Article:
Study Found 1 in 3 Misuse Cleaning Products to Kill COVID-19
Most of us are keeping homes, apartments or condos a little cleaner these days to prevent spreading COVID-19, but more cleaning does not always result in smart practices. In fact, a study by the Center for Disease Control and Prevention (CDC) found that 1 in 3 people are misusing cleaning products.
More than a third of participants reported that during the pandemic, they had engaged in unsafe cleaning practices they didn’t realize were unsafe, such as using bleach to sanitize fruits and vegetables, applying disinfectant cleaners directly to bare skin, and even inhaling or ingesting household cleaners.
Pam Toppel, regional manager of environmental services for OSF HealthCare says results of the study are alarming. She reminds people, when using household cleaners and disinfectants, it is important to strictly follow label instructions because chemicals can be dangerous and harmful to your health. If you can't read the label on an old container, consult the EPA website which lists all disinfectants.
“We have to remember that disinfectants are registered and classified as pesticides so if you keep that in mind, we would never want to ingest pesticides or mist ourselves with pesticides,” Toppel explained.
COVID-19 is thought to spread mainly through close contact from person to person, including between people who are physically near each other (within about 6 feet). People who are infected but do not show symptoms can also spread the virus to others. It is possible that a person could get COVID-19 by touching a surface or object that has the virus on it and then touching their own mouth, nose, or eyes.
The CDC found 10% of the 500 adults surveyed reported misting their bodies with a cleaner or disinfectant spray — a dangerous practice according to Toppel.
“You have to be very careful because a disinfectant, when you put it into the air it aerosolizes and by misting it onto your body you actually inhale and it turn it ends up in your lungs.”
Nineteen percent of survey respondents admitted applying bleach to food items to sanitize them, which is a high-risk practice. Toppel advises simply rinsing produce thoroughly with water and wiping off cans with a clean rag soaked in hot water or soapy dishwater. She said you do not need to wipe down boxes of food or packages received in the mail.
The survey responses were recorded in the early months of the pandemic, and might not reflect ongoing shifts in public opinion or cleaning and disinfecting practices as COVID-19 information has evolved. But, Toppel says many people still believe if a little is good, then more is better or that mixing products can enhance their effect.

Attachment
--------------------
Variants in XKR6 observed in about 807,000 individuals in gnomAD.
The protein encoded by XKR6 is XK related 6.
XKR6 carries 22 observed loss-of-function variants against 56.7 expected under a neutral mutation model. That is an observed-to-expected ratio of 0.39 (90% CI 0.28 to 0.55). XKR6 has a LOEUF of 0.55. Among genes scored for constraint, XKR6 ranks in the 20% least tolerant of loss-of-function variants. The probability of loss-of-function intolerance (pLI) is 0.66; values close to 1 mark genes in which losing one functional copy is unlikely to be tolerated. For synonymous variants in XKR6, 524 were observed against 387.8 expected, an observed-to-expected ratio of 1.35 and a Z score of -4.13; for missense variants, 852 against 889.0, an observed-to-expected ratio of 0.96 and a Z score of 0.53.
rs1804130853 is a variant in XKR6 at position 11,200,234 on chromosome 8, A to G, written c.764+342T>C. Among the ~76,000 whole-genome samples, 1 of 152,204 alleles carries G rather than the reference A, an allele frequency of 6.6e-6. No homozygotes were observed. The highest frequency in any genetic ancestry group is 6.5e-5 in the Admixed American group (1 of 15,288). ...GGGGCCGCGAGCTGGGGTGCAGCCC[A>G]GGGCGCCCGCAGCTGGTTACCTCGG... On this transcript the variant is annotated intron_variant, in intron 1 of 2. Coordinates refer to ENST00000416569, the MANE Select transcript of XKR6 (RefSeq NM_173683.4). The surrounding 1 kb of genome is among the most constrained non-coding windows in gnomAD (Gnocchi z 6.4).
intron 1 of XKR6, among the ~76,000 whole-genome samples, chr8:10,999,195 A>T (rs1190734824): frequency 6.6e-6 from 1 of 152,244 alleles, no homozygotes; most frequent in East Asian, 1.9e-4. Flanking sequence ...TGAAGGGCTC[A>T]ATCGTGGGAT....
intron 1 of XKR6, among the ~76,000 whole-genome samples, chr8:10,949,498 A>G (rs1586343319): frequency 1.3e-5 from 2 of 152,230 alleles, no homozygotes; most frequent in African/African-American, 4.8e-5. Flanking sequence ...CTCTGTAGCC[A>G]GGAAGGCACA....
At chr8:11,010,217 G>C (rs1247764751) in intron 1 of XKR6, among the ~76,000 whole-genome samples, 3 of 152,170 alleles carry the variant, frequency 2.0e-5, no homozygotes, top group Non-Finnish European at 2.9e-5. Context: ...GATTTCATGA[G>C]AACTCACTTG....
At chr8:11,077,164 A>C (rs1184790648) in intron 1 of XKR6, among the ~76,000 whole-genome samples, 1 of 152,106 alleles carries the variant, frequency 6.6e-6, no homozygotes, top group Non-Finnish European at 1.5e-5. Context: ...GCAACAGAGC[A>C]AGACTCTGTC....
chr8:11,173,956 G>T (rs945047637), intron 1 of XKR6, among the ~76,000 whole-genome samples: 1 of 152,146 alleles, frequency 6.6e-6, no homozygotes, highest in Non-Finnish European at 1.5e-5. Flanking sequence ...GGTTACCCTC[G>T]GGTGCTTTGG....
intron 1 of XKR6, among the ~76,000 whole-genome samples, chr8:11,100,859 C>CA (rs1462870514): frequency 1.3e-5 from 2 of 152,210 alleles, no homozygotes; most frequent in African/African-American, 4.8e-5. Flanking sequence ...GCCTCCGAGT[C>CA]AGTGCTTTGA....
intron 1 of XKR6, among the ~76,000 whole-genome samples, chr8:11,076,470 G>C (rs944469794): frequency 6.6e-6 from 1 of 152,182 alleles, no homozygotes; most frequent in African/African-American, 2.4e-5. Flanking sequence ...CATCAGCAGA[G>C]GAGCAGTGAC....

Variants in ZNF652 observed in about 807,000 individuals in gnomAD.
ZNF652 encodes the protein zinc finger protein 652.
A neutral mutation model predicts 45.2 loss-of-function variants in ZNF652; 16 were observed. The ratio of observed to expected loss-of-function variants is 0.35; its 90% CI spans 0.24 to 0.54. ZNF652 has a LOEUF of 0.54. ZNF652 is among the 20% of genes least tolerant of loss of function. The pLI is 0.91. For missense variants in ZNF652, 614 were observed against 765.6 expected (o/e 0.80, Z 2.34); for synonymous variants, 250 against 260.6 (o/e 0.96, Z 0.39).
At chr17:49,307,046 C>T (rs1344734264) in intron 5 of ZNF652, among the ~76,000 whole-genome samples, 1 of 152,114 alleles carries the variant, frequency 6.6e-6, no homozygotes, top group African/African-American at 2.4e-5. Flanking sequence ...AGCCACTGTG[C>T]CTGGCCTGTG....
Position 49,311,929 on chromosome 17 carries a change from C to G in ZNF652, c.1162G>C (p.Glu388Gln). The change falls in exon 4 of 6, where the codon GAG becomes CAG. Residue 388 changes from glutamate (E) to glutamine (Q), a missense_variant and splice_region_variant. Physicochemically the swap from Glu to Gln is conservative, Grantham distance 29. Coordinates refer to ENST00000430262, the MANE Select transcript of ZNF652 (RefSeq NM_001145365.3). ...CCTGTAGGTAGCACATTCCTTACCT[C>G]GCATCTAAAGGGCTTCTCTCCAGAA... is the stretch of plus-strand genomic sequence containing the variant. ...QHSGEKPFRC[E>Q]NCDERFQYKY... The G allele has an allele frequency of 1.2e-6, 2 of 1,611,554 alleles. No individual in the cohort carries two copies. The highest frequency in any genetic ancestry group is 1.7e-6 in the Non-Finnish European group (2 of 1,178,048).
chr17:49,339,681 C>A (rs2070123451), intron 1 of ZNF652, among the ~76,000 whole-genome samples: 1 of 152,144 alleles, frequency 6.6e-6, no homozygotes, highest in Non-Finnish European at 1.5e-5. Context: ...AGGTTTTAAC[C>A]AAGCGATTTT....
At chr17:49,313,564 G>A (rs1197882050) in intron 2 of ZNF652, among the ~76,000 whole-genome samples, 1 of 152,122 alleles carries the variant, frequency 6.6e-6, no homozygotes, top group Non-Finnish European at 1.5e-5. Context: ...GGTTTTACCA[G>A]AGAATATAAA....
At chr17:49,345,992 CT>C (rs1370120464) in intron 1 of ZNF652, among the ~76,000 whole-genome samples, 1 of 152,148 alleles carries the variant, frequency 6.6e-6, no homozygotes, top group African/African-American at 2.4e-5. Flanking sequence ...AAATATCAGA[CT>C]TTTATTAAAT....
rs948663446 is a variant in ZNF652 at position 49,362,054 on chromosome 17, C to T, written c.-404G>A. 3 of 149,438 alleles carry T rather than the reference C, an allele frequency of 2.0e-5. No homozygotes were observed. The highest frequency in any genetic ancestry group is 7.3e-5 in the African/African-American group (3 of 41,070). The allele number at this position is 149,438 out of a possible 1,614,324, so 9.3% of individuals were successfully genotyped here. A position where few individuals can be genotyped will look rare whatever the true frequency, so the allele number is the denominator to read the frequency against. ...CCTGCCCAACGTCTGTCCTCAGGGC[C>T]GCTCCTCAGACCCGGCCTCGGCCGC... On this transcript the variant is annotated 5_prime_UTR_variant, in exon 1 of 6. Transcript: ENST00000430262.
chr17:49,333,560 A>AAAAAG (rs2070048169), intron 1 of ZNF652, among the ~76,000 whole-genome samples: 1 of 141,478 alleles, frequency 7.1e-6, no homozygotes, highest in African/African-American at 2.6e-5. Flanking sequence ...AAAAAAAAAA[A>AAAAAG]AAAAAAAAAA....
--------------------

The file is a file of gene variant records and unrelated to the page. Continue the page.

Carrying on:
Mixing Products Can Be Deadly Mistake
In fact, Toppel says the results can be fatal. She almost lost a friend who mixed cleaning products.
“I have had a close friend mix chemicals because she thought it would be stronger for what she was doing and that it would smell nicer. Well, actually it caused that odorless vapor and when she was found she was very close to the end of life and they were able to bring her back,” Toppel shared. “She now has damage; both neurological and respiratory.”
There are several products being marketed that use ultraviolet light to sanitize surfaces. Toppel says UV light can serve as a supplement, but it shouldn’t replace cleaning and disinfecting.
She advised, “While you might think you’re getting all the pathogens or all the bacteria or all the viruses within your setting, you really don’t because it shadows. That’s why it’s important to do your cleaning and disinfecting prior to using a UV device.”
Toppel advises always begin your cleaning and disinfecting by starting high to low and cleanest to dirtiest to avoid cross-contamination, and wash your hands frequently, especially after using any household products to prevent COVID-19 transmission.
According to the CDC survey, 23% responded that only room temperature water should be used to dilute bleach solutions, 35% knew bleach should not be mixed with vinegar, and 58% reported bleach should not be mixed with ammonia. Toppel says most people just don’t know how to dilute concentrated chemicals so if possible, she recommends avoiding buying them in that form.
“Ready-to-use is probably the easiest and probably the most convenient way not to get into those situations where you think you need to mix things,” she advised.
Here is a complete guide for cleaning and disinfecting spaces from the CDC.